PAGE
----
The time that the doctors at the A-T Clinical Center devoted to us meant more to us than they’ll ever know. We felt their passion and their hope, and it was wonderful to hear that our child means as much to them as he does to us. Though we were complete strangers to the group, everyone treated us like a family.
A-T Clinical Center at Johns Hopkins Hospital
In 1995, the A-T Children’s Project established and funded a multidisciplinary clinical center at Johns Hopkins Hospital in Baltimore, Maryland to focus solely on the evaluation and treatment of patients with ataxia-telangiectasia.
This center provides a centralized clearinghouse for information about management strategies so that doctors in the U.S. and around the world do not need to struggle with A-T in a vacuum.
The team of physicians includes specialists in immunology, neurology, pulmonology, swallowing, nutrition, physical therapy and adaptive services. An A-T family may typically visit this center every two or three years for a one-day protocol to fully evaluate the patient’s condition. Of course, whenever an A-T patient’s condition becomes critical, the clinic can immediately use its experience with A-T to assist the home physician in designing a treatment.
The A-T Clinical Center is important to A-T research as well, as clinical experience always assists scientists in devising new research strategies. In addition, as potential therapies are developed, having a medical center with natural history data and a patient base already in existence makes the implementation of clinical trials much easier.
Contact the A-T Clinical Center
The Johns Hopkins Hospital
600 N. Wolfe St.
Room CMSC 1102
Baltimore, Maryland 21287-3923
For an appointment, contact:
Jenny Wright, RN
Toll-free in the USA: 800-610-5691
Director: Howard M. Lederman, MD, PhD
Since its establishment, the A-T Clinical Center has made significant progress in defining the symptoms of A-T, developing guidelines for best practices and identifying areas in need of further research.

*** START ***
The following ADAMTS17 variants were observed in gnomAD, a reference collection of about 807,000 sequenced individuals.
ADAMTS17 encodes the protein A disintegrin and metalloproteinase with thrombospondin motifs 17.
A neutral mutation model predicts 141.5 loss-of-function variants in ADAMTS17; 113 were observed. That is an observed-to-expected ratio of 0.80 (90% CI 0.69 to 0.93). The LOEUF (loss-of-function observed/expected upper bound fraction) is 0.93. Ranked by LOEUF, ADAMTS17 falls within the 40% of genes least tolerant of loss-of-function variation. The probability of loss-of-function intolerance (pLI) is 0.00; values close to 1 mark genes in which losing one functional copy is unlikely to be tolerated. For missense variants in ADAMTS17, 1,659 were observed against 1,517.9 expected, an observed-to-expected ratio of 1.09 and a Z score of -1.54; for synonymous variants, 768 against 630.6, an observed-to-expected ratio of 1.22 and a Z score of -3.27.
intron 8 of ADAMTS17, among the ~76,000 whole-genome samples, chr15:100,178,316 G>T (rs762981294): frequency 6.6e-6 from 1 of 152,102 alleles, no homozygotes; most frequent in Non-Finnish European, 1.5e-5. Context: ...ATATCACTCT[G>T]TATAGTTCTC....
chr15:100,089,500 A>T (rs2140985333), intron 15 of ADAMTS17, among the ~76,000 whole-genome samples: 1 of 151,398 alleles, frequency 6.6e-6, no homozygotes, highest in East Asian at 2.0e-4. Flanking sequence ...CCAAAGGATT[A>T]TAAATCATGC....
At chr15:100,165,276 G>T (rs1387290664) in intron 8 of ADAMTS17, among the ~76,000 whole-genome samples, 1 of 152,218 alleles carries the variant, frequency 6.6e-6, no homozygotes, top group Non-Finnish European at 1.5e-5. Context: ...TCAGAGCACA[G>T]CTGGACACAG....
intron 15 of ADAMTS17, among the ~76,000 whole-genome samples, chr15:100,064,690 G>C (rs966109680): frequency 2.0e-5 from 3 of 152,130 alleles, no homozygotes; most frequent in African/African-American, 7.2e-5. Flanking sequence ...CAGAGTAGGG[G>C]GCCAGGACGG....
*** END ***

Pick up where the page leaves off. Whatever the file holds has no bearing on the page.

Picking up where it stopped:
The A-T Clinical Center has:
- Identified dysfunctional swallowing with aspiration as a critical cause of pulmonary disease
- Developed tools for assessing the long-term neurological deterioration of A-T
- Described a relatively common problem of dysgammaglobulinemia that may have important implications for understanding the immunologic perturbations of A-T
- Defined growth abnormalities in children with A-T with the aim of developing a hypothesis for their cause
- Looked at the relationship between vitamin A levels and lymphopenia in children with A-T — a study undertaken because vitamin A deficiency is a common factor linking growth failure and lymphopenia
- Identified a new hazard to older individuals with A-T: the development of progressive central nervous system vascular abnormalities
- Collected and analyzed data on the difficulties with cognitive performance that A-T patients face as they age
- Published more than twenty papers in peer-reviewed, scientific journals including a state-of-the-art paper on pulmonary disease and A-T and a study of safety and caregiver satisfaction with G-tube placement for A-T.
Cancer phone Consultations WITH St. Jude
St. Jude Children’s Research Hospital, located in Memphis, Tennessee, is the world’s premiere center for research and treatment of potentially fatal childhood diseases, including cancer and certain blood, genetic and immunodeficiency disorders.
When A-T patients develop cancer, their local oncologists are encouraged to seek consultations from Dr. John T. Sandlund, Director of the Leukemia/Lymphoma Clinic at St. Jude.
Physicians seeking more information should contact Dr. Sandlund at:
International A-T Clinics
Several countries have clinics that specialize in A-T. International clinics and contact information can be found on this page.